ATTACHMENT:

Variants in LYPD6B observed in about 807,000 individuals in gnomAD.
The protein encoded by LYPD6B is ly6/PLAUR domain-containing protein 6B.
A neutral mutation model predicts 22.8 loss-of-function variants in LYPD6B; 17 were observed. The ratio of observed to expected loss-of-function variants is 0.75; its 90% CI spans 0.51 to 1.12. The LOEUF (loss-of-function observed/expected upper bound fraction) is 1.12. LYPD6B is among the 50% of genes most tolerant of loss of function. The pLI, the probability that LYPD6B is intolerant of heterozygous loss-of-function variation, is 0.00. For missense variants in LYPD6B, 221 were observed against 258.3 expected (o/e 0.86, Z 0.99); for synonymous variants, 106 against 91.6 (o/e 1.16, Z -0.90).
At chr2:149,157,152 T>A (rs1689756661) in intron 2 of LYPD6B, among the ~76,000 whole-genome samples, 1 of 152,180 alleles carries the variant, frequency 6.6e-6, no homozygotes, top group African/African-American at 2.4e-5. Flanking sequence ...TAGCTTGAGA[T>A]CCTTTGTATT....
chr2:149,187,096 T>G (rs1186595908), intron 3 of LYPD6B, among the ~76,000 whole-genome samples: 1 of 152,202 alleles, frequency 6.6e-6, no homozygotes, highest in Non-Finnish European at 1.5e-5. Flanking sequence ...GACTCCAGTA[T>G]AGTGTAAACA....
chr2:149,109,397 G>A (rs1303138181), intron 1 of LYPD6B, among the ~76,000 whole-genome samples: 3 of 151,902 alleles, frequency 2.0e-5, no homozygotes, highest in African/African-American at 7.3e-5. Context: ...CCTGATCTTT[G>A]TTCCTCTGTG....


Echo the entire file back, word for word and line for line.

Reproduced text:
Variants in LYPD6B observed in about 807,000 individuals in gnomAD.
The protein encoded by LYPD6B is ly6/PLAUR domain-containing protein 6B.
A neutral mutation model predicts 22.8 loss-of-function variants in LYPD6B; 17 were observed. The ratio of observed to expected loss-of-function variants is 0.75; its 90% CI spans 0.51 to 1.12. The LOEUF (loss-of-function observed/expected upper bound fraction) is 1.12. LYPD6B is among the 50% of genes most tolerant of loss of function. The pLI, the probability that LYPD6B is intolerant of heterozygous loss-of-function variation, is 0.00. For missense variants in LYPD6B, 221 were observed against 258.3 expected (o/e 0.86, Z 0.99); for synonymous variants, 106 against 91.6 (o/e 1.16, Z -0.90).
At chr2:149,157,152 T>A (rs1689756661) in intron 2 of LYPD6B, among the ~76,000 whole-genome samples, 1 of 152,180 alleles carries the variant, frequency 6.6e-6, no homozygotes, top group African/African-American at 2.4e-5. Flanking sequence ...TAGCTTGAGA[T>A]CCTTTGTATT....
chr2:149,187,096 T>G (rs1186595908), intron 3 of LYPD6B, among the ~76,000 whole-genome samples: 1 of 152,202 alleles, frequency 6.6e-6, no homozygotes, highest in Non-Finnish European at 1.5e-5. Flanking sequence ...GACTCCAGTA[T>G]AGTGTAAACA....
chr2:149,109,397 G>A (rs1303138181), intron 1 of LYPD6B, among the ~76,000 whole-genome samples: 3 of 151,902 alleles, frequency 2.0e-5, no homozygotes, highest in African/African-American at 7.3e-5. Context: ...CCTGATCTTT[G>A]TTCCTCTGTG....